For example, a copy of the 1st edition 1st printing of Soldiers' Pay by William Faulkner was auctioned by Christie's in 2010 for $37,500. Search Google Shopping on William Faulkner Soldiers' Pay, sorted by price high to low. The last time I did that, an asking price for a signed 1st edition 1st printing without the dust jacket was $6,500; for a signed first English edition in the dust jacket was $6,750; for an unsigned 1st edition without the dust jacket was $1,500, and for a fair condition ex library no dust jacket copy of the first edition was $277.

To give another example, an asking price for the 1851 first edition first issue binding of Moby Dick by Herman Melville was $38,000. There were asking prices of $10,000 and $4,200 for a 1930 limited edition first-edition-thus illustrated by Rockwell Kent.

3. How many comparable copies are being offered for sale by others and in what range of prices?

Before the availability online, this factor was iffy and tenuous and depended on remembering or keeping notes about what you saw when you visited the shops of other antiquarian booksellers, read their catalogs, or read their classified ads in AB Bookman's Weekly. There were a few pricing guides to certain sorts of collectible books that gave an inkling of their value, but they were far from exhaustive, soon outdated, and usually gave only top-dollar prices for copies in collectible condition. These days, book prices can be compared online on a global scale in minutes.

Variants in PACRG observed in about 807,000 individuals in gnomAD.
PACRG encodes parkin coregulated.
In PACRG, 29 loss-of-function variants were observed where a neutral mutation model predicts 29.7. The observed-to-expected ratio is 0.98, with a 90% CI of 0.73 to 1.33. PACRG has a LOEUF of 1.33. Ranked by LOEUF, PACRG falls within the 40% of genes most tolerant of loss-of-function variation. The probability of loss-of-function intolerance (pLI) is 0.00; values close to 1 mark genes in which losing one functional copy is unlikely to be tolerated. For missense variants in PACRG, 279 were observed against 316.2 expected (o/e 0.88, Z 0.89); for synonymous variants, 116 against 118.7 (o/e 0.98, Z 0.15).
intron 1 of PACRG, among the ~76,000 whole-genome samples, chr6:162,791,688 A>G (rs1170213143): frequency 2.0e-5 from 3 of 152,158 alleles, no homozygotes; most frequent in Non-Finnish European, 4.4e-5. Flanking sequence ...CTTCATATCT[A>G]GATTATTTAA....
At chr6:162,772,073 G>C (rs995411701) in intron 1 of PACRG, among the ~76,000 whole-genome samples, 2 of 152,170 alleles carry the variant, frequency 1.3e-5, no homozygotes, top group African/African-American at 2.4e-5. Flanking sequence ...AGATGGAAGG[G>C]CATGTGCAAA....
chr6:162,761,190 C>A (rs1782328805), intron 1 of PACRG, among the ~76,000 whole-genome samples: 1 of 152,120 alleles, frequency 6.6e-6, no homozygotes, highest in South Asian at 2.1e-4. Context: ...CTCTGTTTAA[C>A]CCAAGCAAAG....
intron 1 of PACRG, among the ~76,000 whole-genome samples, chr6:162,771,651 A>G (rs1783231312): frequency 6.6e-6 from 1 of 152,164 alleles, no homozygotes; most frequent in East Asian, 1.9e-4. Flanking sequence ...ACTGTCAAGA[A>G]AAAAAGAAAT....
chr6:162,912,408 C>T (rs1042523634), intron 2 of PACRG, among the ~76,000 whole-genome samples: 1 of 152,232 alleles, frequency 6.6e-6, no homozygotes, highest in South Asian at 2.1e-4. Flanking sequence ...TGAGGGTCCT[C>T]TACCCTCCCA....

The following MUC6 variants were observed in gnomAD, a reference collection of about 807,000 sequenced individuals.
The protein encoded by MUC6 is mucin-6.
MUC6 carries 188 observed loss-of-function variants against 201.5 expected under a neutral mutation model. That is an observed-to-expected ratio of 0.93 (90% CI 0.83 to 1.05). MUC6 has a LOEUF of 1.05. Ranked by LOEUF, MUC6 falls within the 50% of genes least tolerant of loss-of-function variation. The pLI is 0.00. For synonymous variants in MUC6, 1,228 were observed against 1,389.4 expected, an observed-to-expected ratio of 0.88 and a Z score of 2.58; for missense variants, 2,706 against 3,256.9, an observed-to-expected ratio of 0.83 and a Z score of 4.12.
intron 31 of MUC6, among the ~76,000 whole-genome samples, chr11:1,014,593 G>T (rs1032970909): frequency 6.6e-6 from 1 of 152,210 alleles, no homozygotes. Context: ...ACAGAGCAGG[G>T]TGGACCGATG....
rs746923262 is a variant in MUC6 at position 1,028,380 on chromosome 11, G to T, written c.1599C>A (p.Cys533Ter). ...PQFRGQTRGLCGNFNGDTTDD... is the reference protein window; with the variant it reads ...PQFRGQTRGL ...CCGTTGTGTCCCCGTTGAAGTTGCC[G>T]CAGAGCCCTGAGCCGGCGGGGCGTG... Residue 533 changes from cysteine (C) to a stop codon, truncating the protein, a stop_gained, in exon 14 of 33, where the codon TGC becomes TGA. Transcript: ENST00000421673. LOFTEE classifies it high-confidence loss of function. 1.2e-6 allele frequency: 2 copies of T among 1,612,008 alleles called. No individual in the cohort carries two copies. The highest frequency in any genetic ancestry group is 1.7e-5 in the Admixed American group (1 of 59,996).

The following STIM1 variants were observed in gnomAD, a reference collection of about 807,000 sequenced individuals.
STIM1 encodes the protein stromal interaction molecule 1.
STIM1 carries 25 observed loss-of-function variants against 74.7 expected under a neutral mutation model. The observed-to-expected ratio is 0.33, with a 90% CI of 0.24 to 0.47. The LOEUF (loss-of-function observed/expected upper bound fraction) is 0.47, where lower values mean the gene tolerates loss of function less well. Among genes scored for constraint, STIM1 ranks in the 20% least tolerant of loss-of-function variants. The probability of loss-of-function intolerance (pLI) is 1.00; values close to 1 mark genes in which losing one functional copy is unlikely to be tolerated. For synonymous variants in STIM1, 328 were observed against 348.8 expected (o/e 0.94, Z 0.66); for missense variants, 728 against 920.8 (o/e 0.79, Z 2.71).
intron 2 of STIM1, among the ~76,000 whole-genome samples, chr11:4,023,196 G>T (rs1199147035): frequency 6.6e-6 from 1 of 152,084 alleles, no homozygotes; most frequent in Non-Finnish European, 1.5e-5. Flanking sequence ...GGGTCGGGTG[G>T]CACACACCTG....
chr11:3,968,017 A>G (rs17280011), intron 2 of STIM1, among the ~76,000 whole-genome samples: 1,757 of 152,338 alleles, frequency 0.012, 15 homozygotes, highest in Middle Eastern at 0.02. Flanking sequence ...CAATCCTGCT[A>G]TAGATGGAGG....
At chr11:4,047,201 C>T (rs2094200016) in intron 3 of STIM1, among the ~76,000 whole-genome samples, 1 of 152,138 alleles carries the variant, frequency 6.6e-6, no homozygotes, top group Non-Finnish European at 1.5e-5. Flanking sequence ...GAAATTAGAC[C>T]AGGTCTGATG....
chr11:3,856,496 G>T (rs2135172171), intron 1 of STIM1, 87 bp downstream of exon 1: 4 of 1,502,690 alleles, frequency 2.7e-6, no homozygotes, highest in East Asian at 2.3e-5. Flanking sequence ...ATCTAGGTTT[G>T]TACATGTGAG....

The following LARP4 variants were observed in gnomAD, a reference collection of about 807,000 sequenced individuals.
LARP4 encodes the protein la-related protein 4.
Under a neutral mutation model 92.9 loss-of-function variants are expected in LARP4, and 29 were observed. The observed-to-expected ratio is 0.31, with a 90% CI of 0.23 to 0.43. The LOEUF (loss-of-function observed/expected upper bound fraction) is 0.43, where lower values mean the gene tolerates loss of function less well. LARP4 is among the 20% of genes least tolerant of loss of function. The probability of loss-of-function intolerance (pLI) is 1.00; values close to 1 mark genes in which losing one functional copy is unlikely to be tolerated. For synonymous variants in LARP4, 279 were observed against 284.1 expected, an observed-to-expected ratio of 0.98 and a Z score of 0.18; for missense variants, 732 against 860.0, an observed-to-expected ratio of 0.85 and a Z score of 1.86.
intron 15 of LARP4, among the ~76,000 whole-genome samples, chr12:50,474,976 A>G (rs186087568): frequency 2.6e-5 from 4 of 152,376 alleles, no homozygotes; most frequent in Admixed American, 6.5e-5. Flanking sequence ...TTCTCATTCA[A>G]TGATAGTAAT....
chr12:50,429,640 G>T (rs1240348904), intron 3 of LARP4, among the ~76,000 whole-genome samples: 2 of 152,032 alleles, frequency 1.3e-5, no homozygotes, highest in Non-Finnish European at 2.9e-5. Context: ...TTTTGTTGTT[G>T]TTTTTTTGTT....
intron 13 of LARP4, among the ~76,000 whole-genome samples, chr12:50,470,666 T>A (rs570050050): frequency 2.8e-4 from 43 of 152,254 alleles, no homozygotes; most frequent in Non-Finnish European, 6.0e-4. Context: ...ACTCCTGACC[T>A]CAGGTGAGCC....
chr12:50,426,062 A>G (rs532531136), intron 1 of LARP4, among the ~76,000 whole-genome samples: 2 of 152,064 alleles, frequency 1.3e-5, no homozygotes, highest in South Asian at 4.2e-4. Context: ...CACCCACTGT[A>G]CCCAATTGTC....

One approach to doing this is to use one or more of the find books for sale mega websites—AddAll Used and Out of Print Search, Bookfinder, BookFinder4U, or Used Book Search Net. Specify a used book search.

When searching for a used book at one of these sites, it is easy to overestimate the number of copies available, because oftentimes a dealer will offer the same copy of the same book at a number of different used bookselling sites. Take care not to count such books more than once.

To avoid that problem, instead, search one or more of the main online used bookselling sites. Amazon dominates, but AbeBooks, Alibris, BetterWorldBooks, Biblio, Books A Million, and Powell's Books are also huge.